Pitt’s 2022 regular season finale was simply brilliant.
Perfect for the night. Perfect for the season. Perfect for the last 17 years. And perfect for the last 60 years.
60 years ago – 59 years to be exact – Pitt defeated Miami in the Orange Bowl in the penultimate game of the 1963 regular season. The Panthers would not win another 51 years away against the Hurricanes and broke their long streak with a win in the 2014 regular season finale. This was their last game in Miami before Saturday night.
When you only do something three times in 60 years, that’s pretty remarkable.
17 years ago, the ACC switched to a divisional model, dividing its then 12-team league into the Atlantic and Coastal Divisions. Pitt’s game in Miami was the Coastal Division’s final game as from 2023 the conference will switch to a single league format.
If there was any viable way for the Coastal to take his final rest, it was Pitt’s big win in Miami, where the ACC’s newcomers smashed one of the league’s hoped leaders.
Then there is the season. Pitt entered 2022 with the highest expectations, both internally and externally. Internally, Pitt’s cast were talking about some high aspirations where words like “invincibility” and “number one” and “playoffs” came to light far more than anything imaginable. These internal aspirations were met with external expectations, as quite a few college football watchers looked at the Panthers’ returning experience and transfer additions and thought, “This team can do something.”
The team did a few things and they weren’t all good. October was particularly brutal, with a dream-shattering loss to Georgia Tech, a slop fest in Louisville, and North Carolina’s standings stunned 4-4 by the Panthers with a month’s play to play.
The outlook was depressing, and Pitt’s offense seemed so effective for so long that success seemed like it would never come. Even when the Panthers started piling up wins in November, there was still not a ton of offense to talk about.
So when the team came out and played at a very high level in all phases of the game against Miami – including offense – this felt like a fitting closing for the season:
Here, after 11 often futile and unreliable games, they were putting it together. They saved their best for last and really played their best game of the season in the final.
Which brings us to the game itself. Actually, it wasn’t perfect; no game really. But it’s definitely close. Just look at the offense: With 504 total yards, 256 passing yards, and 248 quick yards, he’s almost right down the middle. Scoring was a perfect spread: three passes and three quick goals (two from Israel Abanikanda and one from C’Bo Flemister).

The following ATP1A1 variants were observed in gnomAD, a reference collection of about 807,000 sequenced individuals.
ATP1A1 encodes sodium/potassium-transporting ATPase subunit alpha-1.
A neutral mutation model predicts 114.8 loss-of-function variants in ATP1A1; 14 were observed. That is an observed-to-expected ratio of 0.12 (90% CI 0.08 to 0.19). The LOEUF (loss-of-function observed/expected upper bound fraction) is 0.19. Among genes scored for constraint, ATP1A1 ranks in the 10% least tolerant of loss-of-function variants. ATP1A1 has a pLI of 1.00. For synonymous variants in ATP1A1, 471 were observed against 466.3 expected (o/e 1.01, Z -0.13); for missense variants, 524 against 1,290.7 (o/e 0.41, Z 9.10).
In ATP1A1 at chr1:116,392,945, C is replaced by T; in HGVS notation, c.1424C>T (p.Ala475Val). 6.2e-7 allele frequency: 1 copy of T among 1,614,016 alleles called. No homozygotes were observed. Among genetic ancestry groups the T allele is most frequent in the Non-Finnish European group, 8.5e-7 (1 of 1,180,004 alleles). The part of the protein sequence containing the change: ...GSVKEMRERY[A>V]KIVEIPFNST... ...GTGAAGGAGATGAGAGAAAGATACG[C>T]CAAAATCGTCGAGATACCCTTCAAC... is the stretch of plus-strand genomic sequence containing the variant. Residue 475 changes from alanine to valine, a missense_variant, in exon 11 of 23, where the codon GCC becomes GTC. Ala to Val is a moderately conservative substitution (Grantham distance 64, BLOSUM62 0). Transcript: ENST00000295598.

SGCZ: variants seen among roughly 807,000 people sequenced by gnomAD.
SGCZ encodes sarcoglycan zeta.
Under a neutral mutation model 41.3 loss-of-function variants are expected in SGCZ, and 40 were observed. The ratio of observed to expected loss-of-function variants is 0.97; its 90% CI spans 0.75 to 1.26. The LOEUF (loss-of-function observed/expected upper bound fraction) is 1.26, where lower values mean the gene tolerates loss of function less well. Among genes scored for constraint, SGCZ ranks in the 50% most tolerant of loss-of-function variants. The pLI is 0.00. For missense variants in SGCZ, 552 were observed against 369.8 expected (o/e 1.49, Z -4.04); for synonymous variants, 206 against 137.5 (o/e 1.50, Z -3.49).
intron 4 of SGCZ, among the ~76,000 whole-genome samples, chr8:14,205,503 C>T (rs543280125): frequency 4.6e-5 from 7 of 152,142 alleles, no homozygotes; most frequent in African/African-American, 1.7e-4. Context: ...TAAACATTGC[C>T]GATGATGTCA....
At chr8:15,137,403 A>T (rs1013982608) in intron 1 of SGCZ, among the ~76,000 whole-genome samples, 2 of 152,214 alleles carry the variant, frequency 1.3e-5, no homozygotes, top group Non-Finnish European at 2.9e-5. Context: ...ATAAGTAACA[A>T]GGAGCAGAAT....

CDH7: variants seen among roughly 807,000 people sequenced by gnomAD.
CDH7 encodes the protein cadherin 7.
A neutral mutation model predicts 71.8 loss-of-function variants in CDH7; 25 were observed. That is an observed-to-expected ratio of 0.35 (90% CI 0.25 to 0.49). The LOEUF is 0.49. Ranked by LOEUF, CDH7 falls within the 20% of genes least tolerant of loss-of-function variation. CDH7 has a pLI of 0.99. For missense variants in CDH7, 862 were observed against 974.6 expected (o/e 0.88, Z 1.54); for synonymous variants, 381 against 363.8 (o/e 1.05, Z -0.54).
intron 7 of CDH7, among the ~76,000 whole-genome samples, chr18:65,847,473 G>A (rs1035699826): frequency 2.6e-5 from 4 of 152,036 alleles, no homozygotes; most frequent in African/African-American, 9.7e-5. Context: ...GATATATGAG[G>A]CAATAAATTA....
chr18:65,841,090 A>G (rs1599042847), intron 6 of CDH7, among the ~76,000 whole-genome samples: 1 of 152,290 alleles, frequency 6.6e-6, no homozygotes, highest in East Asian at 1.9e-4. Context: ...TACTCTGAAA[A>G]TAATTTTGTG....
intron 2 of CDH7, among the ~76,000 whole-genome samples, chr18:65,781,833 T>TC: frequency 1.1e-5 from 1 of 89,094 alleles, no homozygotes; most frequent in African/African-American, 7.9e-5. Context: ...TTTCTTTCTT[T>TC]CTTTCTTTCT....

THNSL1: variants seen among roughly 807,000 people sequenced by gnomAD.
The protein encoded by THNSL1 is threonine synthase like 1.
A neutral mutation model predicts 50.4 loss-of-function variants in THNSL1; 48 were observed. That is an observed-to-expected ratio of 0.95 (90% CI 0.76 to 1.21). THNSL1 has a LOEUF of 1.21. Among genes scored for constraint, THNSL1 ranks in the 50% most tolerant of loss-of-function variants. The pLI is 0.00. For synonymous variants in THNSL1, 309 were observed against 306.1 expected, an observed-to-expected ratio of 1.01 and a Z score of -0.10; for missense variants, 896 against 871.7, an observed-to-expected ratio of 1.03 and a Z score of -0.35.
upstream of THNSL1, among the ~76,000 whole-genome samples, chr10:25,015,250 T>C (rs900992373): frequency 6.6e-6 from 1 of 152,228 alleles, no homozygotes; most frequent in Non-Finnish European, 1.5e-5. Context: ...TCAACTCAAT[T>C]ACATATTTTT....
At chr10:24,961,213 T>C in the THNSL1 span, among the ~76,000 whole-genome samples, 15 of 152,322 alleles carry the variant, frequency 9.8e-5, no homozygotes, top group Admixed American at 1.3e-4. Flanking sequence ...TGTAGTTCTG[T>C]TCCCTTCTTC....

There were two turnovers on offense, but they weren’t as lethal as the giveaways in Louisville. And they made up for their own mistakes by taking advantage of Miami’s mistakes and taking 14 points from turnovers.
Meanwhile, Kedon Slovis threw for 256 yards, his highest since scoring a 305 loss to Georgia Tech and three goals in the GT game, which also equaled the season-high set. Jared Wayne set a career-high 199 receiving yards and three touchdowns, finishing the regular season with 1,006 yards and five touchdowns. And Abanikanda did her usual business: two touchdowns (7.4 yards per carry) for 111 yards and 15 shots. Flemister added another 89 yards and added a point in seven tries, while Rodney Hammond made 56 yards in 10 shots.
And all that says nothing about the defense that stood out for the fourth straight game this month. Miami finished with 385 yards of scrimmage, but 152 of those came in the fourth quarter as the Hurricanes snatched the game out of reach. In the first three quarters, Pitt’s defense allowed Miami to gain 233 yards and three points. The Panthers finished the game with 11 losses, six sacks, two tackles and two forced drop-offs (one saved).
It was as dominant a performance as Pitt has produced this season, and it was the fact that he faced off against Miami (the Panthers rarely beat) in the final game of the season (the Panthers rarely won) in a season that turned out to be less promising. It has recovered somewhat from disappointment and stands as the last game in the 18-year history of the Coastal Division…
This looks perfect.